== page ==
Explain it as another curveball in an already surprising career or the sudden unearthing of a long-buried cache of creative gold, but Common’s new album The Dreamer, The Believer is the best thing he’s done in a while. Aided by richly textured production from No I.D. that seems both excitingly innovative and respectfully indebted to classic Premier-style boombap, Common unleashes a torrent of rhymes covering romance, religion, life in the hood and life at the top, and he doesn’t waste a single line. Gone are the unconvincingly debauched come-ons of Universal Mind Control, the celebrity in-jokes of Finding Forever. Common seems content to give hip-hop heads their ideal album, an album that is positive without being corny as well as free of trendy R&B filler and unnecessary guest stars (Nas has the lone guest verse), and his listeners will likely be more than content, grateful in fact, to have this album in their possession.

The Nas collaboration “Ghetto Dreams” was the first leak off The Dreamer, The Believer, and it serves as a fitting thesis statement and introduction to the album. Judging by the title and the song’s propulsive, soul-sampling beat, which would sound at home on Supreme Clientele, you might expect a hardboiled tale of criminality and scraping by. But Common and Nas use their verses to praise their women – and these aren’t the dead-eyed model girls of Kanye West’s visions, but females who could actually be real. “We got out our own handshake, her titties aren’t fake,” raps Common, and he later explains how she gets snappy when he forgets to close the kitchen cabinets. Nas takes his girl from the projects to a world of flashing lights and designer bags, but he really wants to be in the “crib raising kids, Labrador behind the white fence.” In bestowing epic drama on the details of domesticity, the song offers a remarkable thwarting of expectations.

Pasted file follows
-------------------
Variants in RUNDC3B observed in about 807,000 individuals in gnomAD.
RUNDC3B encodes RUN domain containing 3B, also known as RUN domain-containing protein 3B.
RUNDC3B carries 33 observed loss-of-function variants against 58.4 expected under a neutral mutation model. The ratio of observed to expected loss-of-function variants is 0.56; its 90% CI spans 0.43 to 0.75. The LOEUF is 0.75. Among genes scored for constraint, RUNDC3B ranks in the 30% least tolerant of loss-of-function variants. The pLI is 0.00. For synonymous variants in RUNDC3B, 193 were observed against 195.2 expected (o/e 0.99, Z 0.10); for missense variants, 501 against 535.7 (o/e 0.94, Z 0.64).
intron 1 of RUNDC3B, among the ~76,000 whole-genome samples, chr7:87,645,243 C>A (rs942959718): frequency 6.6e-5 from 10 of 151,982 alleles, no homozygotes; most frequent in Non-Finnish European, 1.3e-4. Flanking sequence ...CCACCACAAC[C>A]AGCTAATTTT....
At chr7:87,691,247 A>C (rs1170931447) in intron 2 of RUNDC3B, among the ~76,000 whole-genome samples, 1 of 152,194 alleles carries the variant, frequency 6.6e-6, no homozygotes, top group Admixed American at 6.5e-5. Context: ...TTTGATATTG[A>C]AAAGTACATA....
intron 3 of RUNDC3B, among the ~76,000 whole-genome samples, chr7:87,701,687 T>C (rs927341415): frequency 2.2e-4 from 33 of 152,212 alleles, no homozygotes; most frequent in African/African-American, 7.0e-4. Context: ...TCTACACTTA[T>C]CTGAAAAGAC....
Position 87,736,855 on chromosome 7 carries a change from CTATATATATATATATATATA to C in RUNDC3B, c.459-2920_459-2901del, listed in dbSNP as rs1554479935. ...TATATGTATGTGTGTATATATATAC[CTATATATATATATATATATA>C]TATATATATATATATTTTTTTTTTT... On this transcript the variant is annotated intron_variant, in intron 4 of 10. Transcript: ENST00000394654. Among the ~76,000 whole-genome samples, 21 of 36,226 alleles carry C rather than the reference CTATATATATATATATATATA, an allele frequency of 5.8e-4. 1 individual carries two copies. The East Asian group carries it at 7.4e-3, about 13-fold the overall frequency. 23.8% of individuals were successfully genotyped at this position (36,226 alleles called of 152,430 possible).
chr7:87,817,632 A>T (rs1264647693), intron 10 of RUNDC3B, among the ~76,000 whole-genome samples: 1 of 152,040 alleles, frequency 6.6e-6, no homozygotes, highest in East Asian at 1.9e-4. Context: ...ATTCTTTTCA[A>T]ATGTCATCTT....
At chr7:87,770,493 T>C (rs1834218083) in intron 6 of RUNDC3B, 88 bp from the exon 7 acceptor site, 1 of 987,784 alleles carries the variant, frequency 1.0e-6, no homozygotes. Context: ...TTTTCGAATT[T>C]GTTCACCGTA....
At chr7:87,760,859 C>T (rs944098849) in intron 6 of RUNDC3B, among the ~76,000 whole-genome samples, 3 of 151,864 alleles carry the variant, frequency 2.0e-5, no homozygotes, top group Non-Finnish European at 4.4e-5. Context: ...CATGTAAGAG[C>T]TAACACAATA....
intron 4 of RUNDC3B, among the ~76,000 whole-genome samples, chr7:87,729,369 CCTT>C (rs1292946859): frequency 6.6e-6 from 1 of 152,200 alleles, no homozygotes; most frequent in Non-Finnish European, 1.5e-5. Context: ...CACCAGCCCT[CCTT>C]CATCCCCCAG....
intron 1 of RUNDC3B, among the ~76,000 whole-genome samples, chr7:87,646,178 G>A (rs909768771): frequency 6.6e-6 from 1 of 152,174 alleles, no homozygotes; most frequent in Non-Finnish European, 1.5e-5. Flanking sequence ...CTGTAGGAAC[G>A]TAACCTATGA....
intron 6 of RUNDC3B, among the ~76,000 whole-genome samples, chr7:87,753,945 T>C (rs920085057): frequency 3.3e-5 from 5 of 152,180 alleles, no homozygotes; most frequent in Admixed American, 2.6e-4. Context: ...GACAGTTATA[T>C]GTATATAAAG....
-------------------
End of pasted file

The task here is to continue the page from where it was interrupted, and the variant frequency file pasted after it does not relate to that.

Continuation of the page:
As evidenced by “Ghetto Dreams” and some of its other songs, The Dreamer, The Believer has a unique perspective on women given its traditional aesthetics. Even though it has no “strictly-for-the-ladies” tracks, the album is as emotionally well-rounded and romantically conscious as Take Care. As a break-up song, “Lovin I Lost” serves as a boombap “Marvin’s Room,” as Common takes pictures off the wall and wonders about how having an absent father has affected his intimacy issues, all while an aching Curtis Mayfield sample sings along, “I loved and I lost.” “The Cloth” employs a bittersweet melody and an extended metaphor to illustrate a spiritual connection with a woman. It’s the sort of song that you can only fully comprehend after a few listens, or rather readings, a poem that requires unpacking.